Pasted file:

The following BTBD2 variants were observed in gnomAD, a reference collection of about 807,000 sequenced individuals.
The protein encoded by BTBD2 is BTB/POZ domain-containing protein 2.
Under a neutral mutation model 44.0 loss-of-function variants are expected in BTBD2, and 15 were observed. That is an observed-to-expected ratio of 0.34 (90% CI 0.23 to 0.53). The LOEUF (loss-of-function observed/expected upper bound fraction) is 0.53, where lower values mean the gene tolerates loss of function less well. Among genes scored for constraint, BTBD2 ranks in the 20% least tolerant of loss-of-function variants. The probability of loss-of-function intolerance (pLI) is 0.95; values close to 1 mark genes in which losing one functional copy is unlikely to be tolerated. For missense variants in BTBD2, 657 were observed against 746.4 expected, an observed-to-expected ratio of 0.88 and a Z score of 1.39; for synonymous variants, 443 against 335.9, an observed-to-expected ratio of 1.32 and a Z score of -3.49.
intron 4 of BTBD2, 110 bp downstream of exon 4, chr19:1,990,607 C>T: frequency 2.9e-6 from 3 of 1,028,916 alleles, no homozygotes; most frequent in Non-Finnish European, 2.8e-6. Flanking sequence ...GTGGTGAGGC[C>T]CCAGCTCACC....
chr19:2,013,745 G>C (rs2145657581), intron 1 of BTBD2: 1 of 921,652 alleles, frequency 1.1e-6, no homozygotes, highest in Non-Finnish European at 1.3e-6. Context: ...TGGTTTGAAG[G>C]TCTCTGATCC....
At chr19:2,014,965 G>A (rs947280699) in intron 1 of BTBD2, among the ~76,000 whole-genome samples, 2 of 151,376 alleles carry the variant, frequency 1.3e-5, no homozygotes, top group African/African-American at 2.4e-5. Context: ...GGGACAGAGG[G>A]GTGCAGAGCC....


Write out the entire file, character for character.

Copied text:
The following BTBD2 variants were observed in gnomAD, a reference collection of about 807,000 sequenced individuals.
The protein encoded by BTBD2 is BTB/POZ domain-containing protein 2.
Under a neutral mutation model 44.0 loss-of-function variants are expected in BTBD2, and 15 were observed. That is an observed-to-expected ratio of 0.34 (90% CI 0.23 to 0.53). The LOEUF (loss-of-function observed/expected upper bound fraction) is 0.53, where lower values mean the gene tolerates loss of function less well. Among genes scored for constraint, BTBD2 ranks in the 20% least tolerant of loss-of-function variants. The probability of loss-of-function intolerance (pLI) is 0.95; values close to 1 mark genes in which losing one functional copy is unlikely to be tolerated. For missense variants in BTBD2, 657 were observed against 746.4 expected, an observed-to-expected ratio of 0.88 and a Z score of 1.39; for synonymous variants, 443 against 335.9, an observed-to-expected ratio of 1.32 and a Z score of -3.49.
intron 4 of BTBD2, 110 bp downstream of exon 4, chr19:1,990,607 C>T: frequency 2.9e-6 from 3 of 1,028,916 alleles, no homozygotes; most frequent in Non-Finnish European, 2.8e-6. Flanking sequence ...GTGGTGAGGC[C>T]CCAGCTCACC....
chr19:2,013,745 G>C (rs2145657581), intron 1 of BTBD2: 1 of 921,652 alleles, frequency 1.1e-6, no homozygotes, highest in Non-Finnish European at 1.3e-6. Context: ...TGGTTTGAAG[G>C]TCTCTGATCC....
At chr19:2,014,965 G>A (rs947280699) in intron 1 of BTBD2, among the ~76,000 whole-genome samples, 2 of 151,376 alleles carry the variant, frequency 1.3e-5, no homozygotes, top group African/African-American at 2.4e-5. Context: ...GGGACAGAGG[G>A]GTGCAGAGCC....